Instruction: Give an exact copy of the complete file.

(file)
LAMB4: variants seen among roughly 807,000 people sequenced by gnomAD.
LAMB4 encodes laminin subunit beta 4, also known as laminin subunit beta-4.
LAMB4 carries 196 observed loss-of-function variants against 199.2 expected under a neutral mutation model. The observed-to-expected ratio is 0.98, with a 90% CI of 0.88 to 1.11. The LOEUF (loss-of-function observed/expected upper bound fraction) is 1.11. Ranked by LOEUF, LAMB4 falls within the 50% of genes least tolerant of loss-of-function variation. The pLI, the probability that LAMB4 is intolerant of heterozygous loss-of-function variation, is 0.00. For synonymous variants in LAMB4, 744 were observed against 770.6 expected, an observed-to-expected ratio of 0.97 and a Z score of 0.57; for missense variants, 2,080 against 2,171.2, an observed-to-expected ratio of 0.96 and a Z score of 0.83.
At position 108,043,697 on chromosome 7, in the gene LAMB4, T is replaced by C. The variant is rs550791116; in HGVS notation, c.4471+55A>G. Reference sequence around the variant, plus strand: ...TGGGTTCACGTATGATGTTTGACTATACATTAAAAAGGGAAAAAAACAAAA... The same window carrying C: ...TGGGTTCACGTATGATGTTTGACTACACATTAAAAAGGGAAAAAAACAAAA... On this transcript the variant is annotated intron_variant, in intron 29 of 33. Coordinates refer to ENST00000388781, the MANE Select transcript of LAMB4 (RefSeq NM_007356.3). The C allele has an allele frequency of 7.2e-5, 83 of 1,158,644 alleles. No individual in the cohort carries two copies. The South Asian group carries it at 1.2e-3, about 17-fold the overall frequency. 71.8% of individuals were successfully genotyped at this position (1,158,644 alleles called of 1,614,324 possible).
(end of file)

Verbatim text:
LAMB4: variants seen among roughly 807,000 people sequenced by gnomAD.
LAMB4 encodes laminin subunit beta 4, also known as laminin subunit beta-4.
LAMB4 carries 196 observed loss-of-function variants against 199.2 expected under a neutral mutation model. The observed-to-expected ratio is 0.98, with a 90% CI of 0.88 to 1.11. The LOEUF (loss-of-function observed/expected upper bound fraction) is 1.11. Ranked by LOEUF, LAMB4 falls within the 50% of genes least tolerant of loss-of-function variation. The pLI, the probability that LAMB4 is intolerant of heterozygous loss-of-function variation, is 0.00. For synonymous variants in LAMB4, 744 were observed against 770.6 expected, an observed-to-expected ratio of 0.97 and a Z score of 0.57; for missense variants, 2,080 against 2,171.2, an observed-to-expected ratio of 0.96 and a Z score of 0.83.
At position 108,043,697 on chromosome 7, in the gene LAMB4, T is replaced by C. The variant is rs550791116; in HGVS notation, c.4471+55A>G. Reference sequence around the variant, plus strand: ...TGGGTTCACGTATGATGTTTGACTATACATTAAAAAGGGAAAAAAACAAAA... The same window carrying C: ...TGGGTTCACGTATGATGTTTGACTACACATTAAAAAGGGAAAAAAACAAAA... On this transcript the variant is annotated intron_variant, in intron 29 of 33. Coordinates refer to ENST00000388781, the MANE Select transcript of LAMB4 (RefSeq NM_007356.3). The C allele has an allele frequency of 7.2e-5, 83 of 1,158,644 alleles. No individual in the cohort carries two copies. The South Asian group carries it at 1.2e-3, about 17-fold the overall frequency. 71.8% of individuals were successfully genotyped at this position (1,158,644 alleles called of 1,614,324 possible).